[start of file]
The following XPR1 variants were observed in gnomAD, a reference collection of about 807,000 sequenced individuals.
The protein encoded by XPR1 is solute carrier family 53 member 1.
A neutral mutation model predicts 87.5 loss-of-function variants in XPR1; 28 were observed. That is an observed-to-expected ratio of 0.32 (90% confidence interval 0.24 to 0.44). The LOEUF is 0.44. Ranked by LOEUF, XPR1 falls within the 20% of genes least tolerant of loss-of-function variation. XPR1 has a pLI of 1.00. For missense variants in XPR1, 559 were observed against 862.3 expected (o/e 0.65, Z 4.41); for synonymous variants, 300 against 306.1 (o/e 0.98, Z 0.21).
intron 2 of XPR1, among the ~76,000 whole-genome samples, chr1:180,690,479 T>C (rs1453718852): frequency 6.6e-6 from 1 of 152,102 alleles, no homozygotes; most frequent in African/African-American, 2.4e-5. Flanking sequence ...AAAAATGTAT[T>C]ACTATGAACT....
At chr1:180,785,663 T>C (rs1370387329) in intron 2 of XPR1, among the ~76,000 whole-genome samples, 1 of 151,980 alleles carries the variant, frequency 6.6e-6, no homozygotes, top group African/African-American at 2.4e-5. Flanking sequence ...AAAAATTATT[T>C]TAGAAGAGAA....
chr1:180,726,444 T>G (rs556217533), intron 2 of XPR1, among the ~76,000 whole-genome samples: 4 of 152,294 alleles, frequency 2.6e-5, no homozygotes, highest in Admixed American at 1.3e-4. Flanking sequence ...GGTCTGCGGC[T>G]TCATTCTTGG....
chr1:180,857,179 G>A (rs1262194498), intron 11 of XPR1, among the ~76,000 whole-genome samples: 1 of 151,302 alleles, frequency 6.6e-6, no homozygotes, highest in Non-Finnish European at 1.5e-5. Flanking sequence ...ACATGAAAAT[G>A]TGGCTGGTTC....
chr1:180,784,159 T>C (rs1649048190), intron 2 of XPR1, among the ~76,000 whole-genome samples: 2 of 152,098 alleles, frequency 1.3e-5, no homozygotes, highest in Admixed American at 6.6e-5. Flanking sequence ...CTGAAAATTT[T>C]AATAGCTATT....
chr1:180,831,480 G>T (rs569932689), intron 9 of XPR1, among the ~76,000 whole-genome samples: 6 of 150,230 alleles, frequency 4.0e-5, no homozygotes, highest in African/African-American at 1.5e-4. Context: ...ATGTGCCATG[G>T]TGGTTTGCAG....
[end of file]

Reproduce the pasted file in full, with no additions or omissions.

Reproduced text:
The following XPR1 variants were observed in gnomAD, a reference collection of about 807,000 sequenced individuals.
The protein encoded by XPR1 is solute carrier family 53 member 1.
A neutral mutation model predicts 87.5 loss-of-function variants in XPR1; 28 were observed. That is an observed-to-expected ratio of 0.32 (90% confidence interval 0.24 to 0.44). The LOEUF is 0.44. Ranked by LOEUF, XPR1 falls within the 20% of genes least tolerant of loss-of-function variation. XPR1 has a pLI of 1.00. For missense variants in XPR1, 559 were observed against 862.3 expected (o/e 0.65, Z 4.41); for synonymous variants, 300 against 306.1 (o/e 0.98, Z 0.21).
intron 2 of XPR1, among the ~76,000 whole-genome samples, chr1:180,690,479 T>C (rs1453718852): frequency 6.6e-6 from 1 of 152,102 alleles, no homozygotes; most frequent in African/African-American, 2.4e-5. Flanking sequence ...AAAAATGTAT[T>C]ACTATGAACT....
At chr1:180,785,663 T>C (rs1370387329) in intron 2 of XPR1, among the ~76,000 whole-genome samples, 1 of 151,980 alleles carries the variant, frequency 6.6e-6, no homozygotes, top group African/African-American at 2.4e-5. Flanking sequence ...AAAAATTATT[T>C]TAGAAGAGAA....
chr1:180,726,444 T>G (rs556217533), intron 2 of XPR1, among the ~76,000 whole-genome samples: 4 of 152,294 alleles, frequency 2.6e-5, no homozygotes, highest in Admixed American at 1.3e-4. Flanking sequence ...GGTCTGCGGC[T>G]TCATTCTTGG....
chr1:180,857,179 G>A (rs1262194498), intron 11 of XPR1, among the ~76,000 whole-genome samples: 1 of 151,302 alleles, frequency 6.6e-6, no homozygotes, highest in Non-Finnish European at 1.5e-5. Flanking sequence ...ACATGAAAAT[G>A]TGGCTGGTTC....
chr1:180,784,159 T>C (rs1649048190), intron 2 of XPR1, among the ~76,000 whole-genome samples: 2 of 152,098 alleles, frequency 1.3e-5, no homozygotes, highest in Admixed American at 6.6e-5. Flanking sequence ...CTGAAAATTT[T>C]AATAGCTATT....
chr1:180,831,480 G>T (rs569932689), intron 9 of XPR1, among the ~76,000 whole-genome samples: 6 of 150,230 alleles, frequency 4.0e-5, no homozygotes, highest in African/African-American at 1.5e-4. Context: ...ATGTGCCATG[G>T]TGGTTTGCAG....